No, Colby And Monterey Jack Cheese Are Not The Same Thing

Cheese is arguably one of the greatest food creations in history. There are many varieties of cheese out there, each with its own unique flavors, colors, and textures. Of all the different types of cheese to choose from, Colby Jack and Monterey Jack are often confused because of their similar characteristics. Although the two cheeses taste alike, Colby Jack cheese is actually a blend of Monterey Jack and Colby cheese.

Colby cheese can be confused with cheddar because of its flavor and yellow color, but Colby has an even more mellow taste and is semi-soft with a higher moisture content. These properties make it just as meltable as Monterey Jack, and as popular. Monterey Jack is often used as a base cheese because of its mild flavor. This white semi-hard cheese made from cow's milk doesn't just have excellent melting properties, it also pairs well with several types of wine and beer, as well as other cheeses. This makes it an exciting option to mix and match with, which is precisely how Colby Jack was invented. 

The difference between Monterey Jack and Colby Jack cheese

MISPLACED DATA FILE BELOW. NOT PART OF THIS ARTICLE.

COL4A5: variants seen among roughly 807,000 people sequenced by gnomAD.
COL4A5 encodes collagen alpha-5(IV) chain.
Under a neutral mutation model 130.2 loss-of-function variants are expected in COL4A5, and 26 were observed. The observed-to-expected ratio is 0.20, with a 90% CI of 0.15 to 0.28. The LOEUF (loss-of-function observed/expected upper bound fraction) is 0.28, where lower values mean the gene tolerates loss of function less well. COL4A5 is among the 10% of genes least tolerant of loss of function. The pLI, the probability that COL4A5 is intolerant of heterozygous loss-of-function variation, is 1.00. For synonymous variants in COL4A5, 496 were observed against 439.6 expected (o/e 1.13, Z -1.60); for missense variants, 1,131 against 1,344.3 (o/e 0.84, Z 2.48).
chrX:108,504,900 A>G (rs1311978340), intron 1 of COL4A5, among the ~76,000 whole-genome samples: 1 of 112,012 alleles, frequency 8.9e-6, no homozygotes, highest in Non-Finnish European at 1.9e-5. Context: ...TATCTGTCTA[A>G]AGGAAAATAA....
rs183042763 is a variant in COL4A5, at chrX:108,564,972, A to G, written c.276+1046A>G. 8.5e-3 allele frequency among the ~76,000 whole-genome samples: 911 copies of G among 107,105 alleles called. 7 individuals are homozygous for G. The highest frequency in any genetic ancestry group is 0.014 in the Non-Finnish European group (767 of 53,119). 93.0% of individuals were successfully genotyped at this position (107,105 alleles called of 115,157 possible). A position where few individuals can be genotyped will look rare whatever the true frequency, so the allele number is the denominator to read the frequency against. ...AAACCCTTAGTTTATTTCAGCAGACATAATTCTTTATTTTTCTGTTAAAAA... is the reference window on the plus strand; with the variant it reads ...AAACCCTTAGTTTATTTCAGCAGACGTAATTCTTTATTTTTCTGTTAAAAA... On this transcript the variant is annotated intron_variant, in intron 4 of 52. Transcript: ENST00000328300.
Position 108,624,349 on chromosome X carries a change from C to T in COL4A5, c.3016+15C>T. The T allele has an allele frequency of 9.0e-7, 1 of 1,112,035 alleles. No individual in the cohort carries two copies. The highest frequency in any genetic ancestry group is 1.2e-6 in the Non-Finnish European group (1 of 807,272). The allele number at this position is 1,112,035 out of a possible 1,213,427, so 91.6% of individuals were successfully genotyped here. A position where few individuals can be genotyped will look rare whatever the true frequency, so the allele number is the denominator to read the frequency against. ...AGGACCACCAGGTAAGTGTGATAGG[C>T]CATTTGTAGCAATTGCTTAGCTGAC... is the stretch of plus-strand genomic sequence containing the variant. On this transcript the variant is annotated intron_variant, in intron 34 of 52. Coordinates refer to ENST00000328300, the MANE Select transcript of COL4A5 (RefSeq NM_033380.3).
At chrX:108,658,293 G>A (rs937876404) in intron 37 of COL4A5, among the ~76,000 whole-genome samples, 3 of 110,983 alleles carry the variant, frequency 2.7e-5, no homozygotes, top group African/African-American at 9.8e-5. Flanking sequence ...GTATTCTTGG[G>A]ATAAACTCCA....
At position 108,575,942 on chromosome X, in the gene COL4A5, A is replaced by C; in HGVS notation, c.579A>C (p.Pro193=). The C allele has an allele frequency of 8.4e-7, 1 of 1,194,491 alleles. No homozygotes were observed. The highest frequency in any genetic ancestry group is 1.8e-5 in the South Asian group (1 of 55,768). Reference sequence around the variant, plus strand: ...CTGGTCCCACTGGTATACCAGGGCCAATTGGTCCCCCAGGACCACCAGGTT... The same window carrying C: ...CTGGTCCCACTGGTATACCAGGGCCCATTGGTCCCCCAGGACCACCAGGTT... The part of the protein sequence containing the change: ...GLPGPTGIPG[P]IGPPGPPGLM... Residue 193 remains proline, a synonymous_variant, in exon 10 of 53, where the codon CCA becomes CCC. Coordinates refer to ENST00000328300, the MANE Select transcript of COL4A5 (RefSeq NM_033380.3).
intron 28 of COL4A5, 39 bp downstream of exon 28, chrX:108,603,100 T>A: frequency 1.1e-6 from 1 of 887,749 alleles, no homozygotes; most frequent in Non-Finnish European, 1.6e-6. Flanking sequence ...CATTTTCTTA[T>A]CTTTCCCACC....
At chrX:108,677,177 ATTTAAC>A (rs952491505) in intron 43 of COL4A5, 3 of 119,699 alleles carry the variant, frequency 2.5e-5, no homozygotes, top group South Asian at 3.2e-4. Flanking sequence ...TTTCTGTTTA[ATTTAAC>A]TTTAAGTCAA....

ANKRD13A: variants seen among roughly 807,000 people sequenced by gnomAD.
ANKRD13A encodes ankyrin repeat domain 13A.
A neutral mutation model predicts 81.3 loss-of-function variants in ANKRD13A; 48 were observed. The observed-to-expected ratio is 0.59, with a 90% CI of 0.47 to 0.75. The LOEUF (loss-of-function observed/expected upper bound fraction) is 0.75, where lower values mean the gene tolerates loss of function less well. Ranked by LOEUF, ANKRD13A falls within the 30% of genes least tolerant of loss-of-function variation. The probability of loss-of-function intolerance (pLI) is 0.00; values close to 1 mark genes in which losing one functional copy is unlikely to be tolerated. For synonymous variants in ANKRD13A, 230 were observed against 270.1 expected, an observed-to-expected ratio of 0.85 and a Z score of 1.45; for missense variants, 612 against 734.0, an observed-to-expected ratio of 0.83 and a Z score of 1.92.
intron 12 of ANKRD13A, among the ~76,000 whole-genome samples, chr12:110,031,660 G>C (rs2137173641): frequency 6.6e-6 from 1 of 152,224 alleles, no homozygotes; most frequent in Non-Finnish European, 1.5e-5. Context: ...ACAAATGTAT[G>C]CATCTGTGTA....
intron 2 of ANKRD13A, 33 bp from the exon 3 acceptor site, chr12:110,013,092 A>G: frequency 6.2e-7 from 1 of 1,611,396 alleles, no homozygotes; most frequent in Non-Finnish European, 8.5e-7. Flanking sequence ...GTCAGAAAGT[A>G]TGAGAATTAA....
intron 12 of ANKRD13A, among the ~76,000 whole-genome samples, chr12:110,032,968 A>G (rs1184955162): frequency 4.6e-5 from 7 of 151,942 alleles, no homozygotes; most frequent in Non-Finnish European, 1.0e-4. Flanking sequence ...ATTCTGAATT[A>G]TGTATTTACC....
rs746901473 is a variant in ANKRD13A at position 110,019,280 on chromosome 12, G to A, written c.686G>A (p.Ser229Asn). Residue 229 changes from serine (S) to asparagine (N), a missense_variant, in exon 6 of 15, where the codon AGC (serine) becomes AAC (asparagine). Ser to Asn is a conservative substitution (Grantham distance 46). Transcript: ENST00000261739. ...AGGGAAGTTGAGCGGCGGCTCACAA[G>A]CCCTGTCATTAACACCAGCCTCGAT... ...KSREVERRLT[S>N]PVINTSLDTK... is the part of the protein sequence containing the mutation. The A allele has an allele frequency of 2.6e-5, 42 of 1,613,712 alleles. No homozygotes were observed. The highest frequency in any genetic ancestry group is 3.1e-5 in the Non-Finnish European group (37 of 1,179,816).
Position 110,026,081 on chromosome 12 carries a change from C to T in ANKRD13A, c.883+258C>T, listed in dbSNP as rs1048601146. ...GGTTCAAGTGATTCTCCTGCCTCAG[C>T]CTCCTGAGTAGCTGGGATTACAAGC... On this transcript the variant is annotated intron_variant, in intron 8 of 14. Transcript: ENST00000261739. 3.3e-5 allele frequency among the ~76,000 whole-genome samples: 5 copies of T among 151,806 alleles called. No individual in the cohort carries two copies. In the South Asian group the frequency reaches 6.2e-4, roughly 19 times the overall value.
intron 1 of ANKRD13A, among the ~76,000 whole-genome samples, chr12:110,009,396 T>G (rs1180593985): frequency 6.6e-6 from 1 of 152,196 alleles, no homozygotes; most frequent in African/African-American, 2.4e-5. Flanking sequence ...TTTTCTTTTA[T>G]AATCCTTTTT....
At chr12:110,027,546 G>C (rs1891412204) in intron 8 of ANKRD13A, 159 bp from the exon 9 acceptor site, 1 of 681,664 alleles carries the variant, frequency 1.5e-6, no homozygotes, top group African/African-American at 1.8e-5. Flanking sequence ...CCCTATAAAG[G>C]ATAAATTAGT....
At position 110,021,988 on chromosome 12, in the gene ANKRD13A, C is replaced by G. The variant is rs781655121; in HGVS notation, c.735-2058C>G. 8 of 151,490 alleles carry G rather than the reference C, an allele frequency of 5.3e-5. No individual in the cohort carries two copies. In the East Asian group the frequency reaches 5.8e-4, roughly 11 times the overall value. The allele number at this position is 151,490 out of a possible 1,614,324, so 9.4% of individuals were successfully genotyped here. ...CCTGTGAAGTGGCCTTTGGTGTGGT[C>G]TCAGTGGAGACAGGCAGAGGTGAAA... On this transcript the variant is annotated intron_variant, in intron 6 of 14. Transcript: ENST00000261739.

Colby cheese was created in 1885, and sometime after that, the curds of Monterey Jack and Colby were mixed together and pressed into a mold. The end result was a soft and springy cheese with a creamy flavor and a beautiful yellow and white marbling that is still popular today. It is only aged up to a few months in order to retain its signature flavor, unlike sharper cheeses which are aged longer. Both of the cheeses that make up the hybrid Colby Jack come from the United States, with Monterey Jack hailing from Monterey, California, and Colby cheese from Colby, Wisconsin.

Colby Jack cheese isn't the only hybrid cheese containing Monterey Jack; there are also several variations of this mild base cheese like Dry Jack, which is aged, and Pepper Jack, which is blended with spicy peppers. Colby Jack is often used for charcuterie boards, shredded cheese, or in any dish that calls for a meltable cheese with creamy texture. The white and orange marbling makes it aesthetically pleasing and it is a great cheese option to use on hamburgers, grilled cheese sandwiches, and nachos.